The cosmogonies are far too numerous and divergent to allow one simple description embracing all. Only some prominent cosmogonies can be indicated, and some of the points common to all. Homer seems to have taken the universe as he found it without inquiring further, but from Iliad XIV, verse 201, one gathers that Oceanus is origin, and Thetys mother of all; from verse 244 that Nyx (Night) has power even over Oceanus; hence Darkness, Water, and Motherhood seem the three stages of his cosmogony. The fragments of Orphic cosmogonies given by Eudemos, and Plato, and Lydus do not quite agree, but at least Night, Oceanus, and Thetys are elementary beings, and the first of them in order of existence was probably Night. A more detailed cosmogony of great antiquity is to be found in Hesiod’s “Theogony” (about 800 B.C.) in verses 160 sqq., which C. A. Elton translated as follows:
“First Chaos was, then ample-bosomed Earth,
The sea immovable for evermore
Of those immortals who the snow-topped heights
Inhabit of Olympus, or the gloom
Of Tartarus, in the broad-tracked ground’s abyss.
Love then arose, most beautiful amongst
The deathless deities; restless, he
Of every god and every mortal man
Unnerves the limbs; dissolves the wiser breast
By reason steeled and quells the very soul.
From Chaos, Erebos, and ebon Night;
From Night the Day sprang forth and shining air
Whom to the love of Erebos she gave.
Earth first produced the heaven and all the stars,
She brought the lofty mountains forth,
And next the sea. . . Then, with Heaven
Consorting, Ocean from her bosom burst
With its deep eddying waters.”
Chaos, then, is the starting-point of Hesiod’s cosmogony. Chaos, however, must probably not be understood as “primeval matter” without harmony and order, but rather as the “empty void” or “place in the abstract”. To Hesiod chaos cannot have lost its original meaning (from cha in chasko; chasma “chasm”, etc). Hesiod, then, starts at infinite space; other Greeks take time, or chronos as a starting point. The cosmogony of Pherecydes (544 B.C.) claims a high place among Greek theories as to the origin of the world, because of the prominence given to Zeus, a personal spiritual being, as the origin of all things. Zeus and Chronos and Chthonia have always been and are the three first beginnings; but the One I would consider before the Two, and the Two after the One. Then Chronos produced himself out of fire, air, and water, these I take to be the Three Logical Elements and out of them arose a numerous progeny of gods divided into five parts or a pentecosmos. Pherecydes’ cosmogony has come down to us in some other slightly modified forms but Zeus is ever at the head.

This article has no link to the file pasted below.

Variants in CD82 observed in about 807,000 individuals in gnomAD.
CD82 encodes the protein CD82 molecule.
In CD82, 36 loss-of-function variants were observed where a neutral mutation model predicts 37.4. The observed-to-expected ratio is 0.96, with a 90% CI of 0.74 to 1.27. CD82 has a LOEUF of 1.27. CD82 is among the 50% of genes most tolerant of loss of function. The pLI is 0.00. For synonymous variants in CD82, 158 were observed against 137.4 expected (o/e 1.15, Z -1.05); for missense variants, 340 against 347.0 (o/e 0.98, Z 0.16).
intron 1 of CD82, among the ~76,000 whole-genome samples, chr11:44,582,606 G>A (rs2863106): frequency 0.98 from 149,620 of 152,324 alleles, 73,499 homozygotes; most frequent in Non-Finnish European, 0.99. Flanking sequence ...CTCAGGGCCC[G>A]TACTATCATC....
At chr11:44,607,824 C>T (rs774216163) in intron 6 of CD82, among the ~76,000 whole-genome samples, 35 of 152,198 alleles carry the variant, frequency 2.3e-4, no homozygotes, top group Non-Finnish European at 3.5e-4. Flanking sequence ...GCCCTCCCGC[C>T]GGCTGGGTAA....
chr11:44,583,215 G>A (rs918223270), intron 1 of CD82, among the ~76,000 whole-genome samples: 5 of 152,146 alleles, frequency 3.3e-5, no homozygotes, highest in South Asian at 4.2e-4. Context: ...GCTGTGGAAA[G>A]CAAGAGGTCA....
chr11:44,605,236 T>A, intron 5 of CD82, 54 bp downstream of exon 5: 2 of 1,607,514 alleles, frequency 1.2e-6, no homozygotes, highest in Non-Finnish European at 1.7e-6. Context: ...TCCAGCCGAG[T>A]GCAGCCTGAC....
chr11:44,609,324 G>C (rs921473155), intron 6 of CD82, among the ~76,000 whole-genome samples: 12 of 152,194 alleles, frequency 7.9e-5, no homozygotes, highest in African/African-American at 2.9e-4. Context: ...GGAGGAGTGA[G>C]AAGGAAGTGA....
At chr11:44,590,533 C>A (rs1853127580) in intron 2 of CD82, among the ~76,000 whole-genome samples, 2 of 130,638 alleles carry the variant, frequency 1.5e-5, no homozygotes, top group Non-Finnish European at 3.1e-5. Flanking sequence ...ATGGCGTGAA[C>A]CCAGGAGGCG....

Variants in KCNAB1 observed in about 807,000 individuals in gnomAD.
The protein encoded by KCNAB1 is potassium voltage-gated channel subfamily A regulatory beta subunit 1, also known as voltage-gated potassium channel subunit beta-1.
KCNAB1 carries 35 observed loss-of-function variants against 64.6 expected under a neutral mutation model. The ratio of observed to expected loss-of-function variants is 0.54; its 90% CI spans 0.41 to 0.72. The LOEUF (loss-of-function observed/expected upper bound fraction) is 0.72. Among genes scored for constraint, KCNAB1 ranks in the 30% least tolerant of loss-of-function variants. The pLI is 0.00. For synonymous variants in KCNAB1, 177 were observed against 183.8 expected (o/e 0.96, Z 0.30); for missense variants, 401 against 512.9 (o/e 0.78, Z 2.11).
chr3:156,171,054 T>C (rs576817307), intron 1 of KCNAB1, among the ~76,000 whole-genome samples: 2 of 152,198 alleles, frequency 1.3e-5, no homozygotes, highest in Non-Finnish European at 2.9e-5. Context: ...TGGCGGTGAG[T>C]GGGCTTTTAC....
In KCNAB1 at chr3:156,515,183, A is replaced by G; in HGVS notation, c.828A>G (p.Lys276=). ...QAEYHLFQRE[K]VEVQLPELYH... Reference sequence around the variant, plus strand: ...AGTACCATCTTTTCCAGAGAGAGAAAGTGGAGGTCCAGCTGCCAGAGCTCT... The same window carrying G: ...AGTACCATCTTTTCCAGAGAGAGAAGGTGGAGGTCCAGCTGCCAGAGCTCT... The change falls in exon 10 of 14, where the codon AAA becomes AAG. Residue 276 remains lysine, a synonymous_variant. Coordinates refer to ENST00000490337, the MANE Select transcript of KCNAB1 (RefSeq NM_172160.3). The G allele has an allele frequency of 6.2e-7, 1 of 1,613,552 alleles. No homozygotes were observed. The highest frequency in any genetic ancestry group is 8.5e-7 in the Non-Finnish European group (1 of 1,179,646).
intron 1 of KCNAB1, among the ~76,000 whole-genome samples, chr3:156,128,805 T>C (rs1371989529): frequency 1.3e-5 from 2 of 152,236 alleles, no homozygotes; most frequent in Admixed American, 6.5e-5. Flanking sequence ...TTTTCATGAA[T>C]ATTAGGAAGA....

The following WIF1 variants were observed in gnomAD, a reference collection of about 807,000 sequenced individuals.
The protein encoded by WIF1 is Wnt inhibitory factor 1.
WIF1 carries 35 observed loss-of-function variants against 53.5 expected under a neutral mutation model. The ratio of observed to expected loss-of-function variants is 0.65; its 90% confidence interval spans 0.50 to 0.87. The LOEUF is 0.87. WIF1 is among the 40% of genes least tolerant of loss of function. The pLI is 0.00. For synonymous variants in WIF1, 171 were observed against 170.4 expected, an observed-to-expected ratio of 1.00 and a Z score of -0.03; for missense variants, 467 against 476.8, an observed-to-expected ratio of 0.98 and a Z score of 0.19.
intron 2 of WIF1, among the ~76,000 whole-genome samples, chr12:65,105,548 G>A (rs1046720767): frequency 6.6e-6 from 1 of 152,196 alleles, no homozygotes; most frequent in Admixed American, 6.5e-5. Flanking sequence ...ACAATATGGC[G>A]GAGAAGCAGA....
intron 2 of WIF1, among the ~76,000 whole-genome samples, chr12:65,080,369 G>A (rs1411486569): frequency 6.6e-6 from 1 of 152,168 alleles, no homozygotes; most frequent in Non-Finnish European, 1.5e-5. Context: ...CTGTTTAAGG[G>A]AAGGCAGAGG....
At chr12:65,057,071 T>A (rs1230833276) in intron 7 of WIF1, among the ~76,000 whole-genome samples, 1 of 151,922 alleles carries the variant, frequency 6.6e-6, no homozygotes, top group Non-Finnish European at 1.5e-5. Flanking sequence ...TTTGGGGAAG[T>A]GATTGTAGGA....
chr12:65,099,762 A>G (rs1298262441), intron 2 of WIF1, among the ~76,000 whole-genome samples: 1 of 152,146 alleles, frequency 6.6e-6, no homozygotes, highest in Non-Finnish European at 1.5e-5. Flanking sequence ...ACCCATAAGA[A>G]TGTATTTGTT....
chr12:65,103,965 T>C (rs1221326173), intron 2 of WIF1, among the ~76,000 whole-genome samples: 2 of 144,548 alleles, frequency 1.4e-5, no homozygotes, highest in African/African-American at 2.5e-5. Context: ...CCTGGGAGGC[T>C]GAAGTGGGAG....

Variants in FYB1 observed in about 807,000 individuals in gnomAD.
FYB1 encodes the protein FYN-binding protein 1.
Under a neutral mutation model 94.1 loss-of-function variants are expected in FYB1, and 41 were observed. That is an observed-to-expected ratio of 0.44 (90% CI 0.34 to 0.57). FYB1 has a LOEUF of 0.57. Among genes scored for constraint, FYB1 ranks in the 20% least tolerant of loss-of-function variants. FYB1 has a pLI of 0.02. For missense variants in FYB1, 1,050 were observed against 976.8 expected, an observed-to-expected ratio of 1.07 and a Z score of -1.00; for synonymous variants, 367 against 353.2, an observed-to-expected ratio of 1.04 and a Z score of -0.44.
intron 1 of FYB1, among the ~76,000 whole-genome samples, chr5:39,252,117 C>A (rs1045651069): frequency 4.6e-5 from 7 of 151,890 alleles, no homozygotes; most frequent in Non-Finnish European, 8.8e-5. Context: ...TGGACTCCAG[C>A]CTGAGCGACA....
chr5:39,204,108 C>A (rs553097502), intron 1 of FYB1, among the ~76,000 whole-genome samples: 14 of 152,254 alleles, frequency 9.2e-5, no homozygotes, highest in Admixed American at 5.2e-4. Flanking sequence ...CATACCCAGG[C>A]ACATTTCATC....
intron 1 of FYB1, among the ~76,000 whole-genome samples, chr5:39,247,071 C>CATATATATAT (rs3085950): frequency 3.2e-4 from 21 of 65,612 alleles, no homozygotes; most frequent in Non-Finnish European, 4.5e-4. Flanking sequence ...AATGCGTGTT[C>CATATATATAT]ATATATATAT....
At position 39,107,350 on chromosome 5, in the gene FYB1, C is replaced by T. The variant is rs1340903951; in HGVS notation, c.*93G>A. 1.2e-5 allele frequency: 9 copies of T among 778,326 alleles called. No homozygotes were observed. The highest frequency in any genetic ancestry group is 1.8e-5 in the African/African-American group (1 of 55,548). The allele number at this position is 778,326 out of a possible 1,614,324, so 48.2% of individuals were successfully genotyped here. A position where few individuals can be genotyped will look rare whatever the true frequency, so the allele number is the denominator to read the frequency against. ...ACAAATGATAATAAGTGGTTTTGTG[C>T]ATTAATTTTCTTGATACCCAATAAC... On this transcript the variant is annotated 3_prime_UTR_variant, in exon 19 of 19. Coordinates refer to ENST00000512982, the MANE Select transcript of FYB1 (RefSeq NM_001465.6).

He seems also to have known of a primeval battle between Chronos and Ophioneus, but how it fills in with his cosmogony we know not. Chthonia seems to be the moist Proto-matter, neither dry earth nor sea, out of which Ge, or the earth, is created. The stages of his cosmogony are therefore God, Time, Matter — all three first principles, yet God is in some sense first; God, when feeling a desire to create, changes himself into love so that he can bring forth a Cosmos, i. e, a well-ordered world, out of contraries, bringing its elements into agreement and friendship. A noble idea, truly, only falling short of the Christian idea in conceiving time and matter as eternal, Zeus thus being maker or fashioner, not creator, of heaven and earth.
A cosmogony of almost the same date is that of Epimenides, which seems in flat contradiction to that of Pherecydes, for it postulates two first principles not originating from Unity: Air and Night. Out of these arise Tartarus etc. Later Orphic chronologies begin some with Chronos, others with Water and Earth, some with Apeiros Hyle. In the last stage of the Greek cosmogony the egg plays an important part, either as evolutionary stage, as embryonic state of the earth, or merely to indicate the shape of the Cosmos.
We possess no ancient Etruscan or Latin cosmogonies, but it is certain that the god Janus was a cosmogonic deity; though Jupiter was summus, the highest god, Janus was primus, the first of the gods, and as such he received sacrifice before even Jupiter. This ancient reminiscence of Janus as creator is made use of in Ovid’s “Metamorphoses”, but in how far so late a writer represents early speculations we know not. Janus is perhaps the Latin equivalent of the Greek Chaos as the origin of all things. Janus is said to be not only initium mundi, but mundus itself, the all-embracing.